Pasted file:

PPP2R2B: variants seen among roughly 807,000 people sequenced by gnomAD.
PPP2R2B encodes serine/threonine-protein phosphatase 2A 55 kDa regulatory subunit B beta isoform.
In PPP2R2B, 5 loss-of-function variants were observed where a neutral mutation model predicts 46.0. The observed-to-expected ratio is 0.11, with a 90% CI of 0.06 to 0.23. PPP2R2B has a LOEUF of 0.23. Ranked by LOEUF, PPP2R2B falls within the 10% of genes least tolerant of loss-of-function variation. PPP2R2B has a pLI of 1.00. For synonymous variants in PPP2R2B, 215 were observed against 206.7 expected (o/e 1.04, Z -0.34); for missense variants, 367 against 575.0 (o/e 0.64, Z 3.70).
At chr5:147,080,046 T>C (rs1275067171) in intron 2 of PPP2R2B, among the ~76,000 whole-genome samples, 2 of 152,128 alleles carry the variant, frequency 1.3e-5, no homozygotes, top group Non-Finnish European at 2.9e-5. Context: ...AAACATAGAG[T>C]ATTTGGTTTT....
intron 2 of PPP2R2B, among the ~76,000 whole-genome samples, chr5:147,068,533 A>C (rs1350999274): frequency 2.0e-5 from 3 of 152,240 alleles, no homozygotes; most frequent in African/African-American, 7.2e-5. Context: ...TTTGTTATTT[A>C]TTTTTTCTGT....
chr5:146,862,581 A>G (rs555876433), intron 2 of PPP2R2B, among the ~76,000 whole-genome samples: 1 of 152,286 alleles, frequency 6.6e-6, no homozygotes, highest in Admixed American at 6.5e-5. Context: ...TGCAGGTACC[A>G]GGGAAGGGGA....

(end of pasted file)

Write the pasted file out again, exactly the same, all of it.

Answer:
PPP2R2B: variants seen among roughly 807,000 people sequenced by gnomAD.
PPP2R2B encodes serine/threonine-protein phosphatase 2A 55 kDa regulatory subunit B beta isoform.
In PPP2R2B, 5 loss-of-function variants were observed where a neutral mutation model predicts 46.0. The observed-to-expected ratio is 0.11, with a 90% CI of 0.06 to 0.23. PPP2R2B has a LOEUF of 0.23. Ranked by LOEUF, PPP2R2B falls within the 10% of genes least tolerant of loss-of-function variation. PPP2R2B has a pLI of 1.00. For synonymous variants in PPP2R2B, 215 were observed against 206.7 expected (o/e 1.04, Z -0.34); for missense variants, 367 against 575.0 (o/e 0.64, Z 3.70).
At chr5:147,080,046 T>C (rs1275067171) in intron 2 of PPP2R2B, among the ~76,000 whole-genome samples, 2 of 152,128 alleles carry the variant, frequency 1.3e-5, no homozygotes, top group Non-Finnish European at 2.9e-5. Context: ...AAACATAGAG[T>C]ATTTGGTTTT....
intron 2 of PPP2R2B, among the ~76,000 whole-genome samples, chr5:147,068,533 A>C (rs1350999274): frequency 2.0e-5 from 3 of 152,240 alleles, no homozygotes; most frequent in African/African-American, 7.2e-5. Context: ...TTTGTTATTT[A>C]TTTTTTCTGT....
chr5:146,862,581 A>G (rs555876433), intron 2 of PPP2R2B, among the ~76,000 whole-genome samples: 1 of 152,286 alleles, frequency 6.6e-6, no homozygotes, highest in Admixed American at 6.5e-5. Context: ...TGCAGGTACC[A>G]GGGAAGGGGA....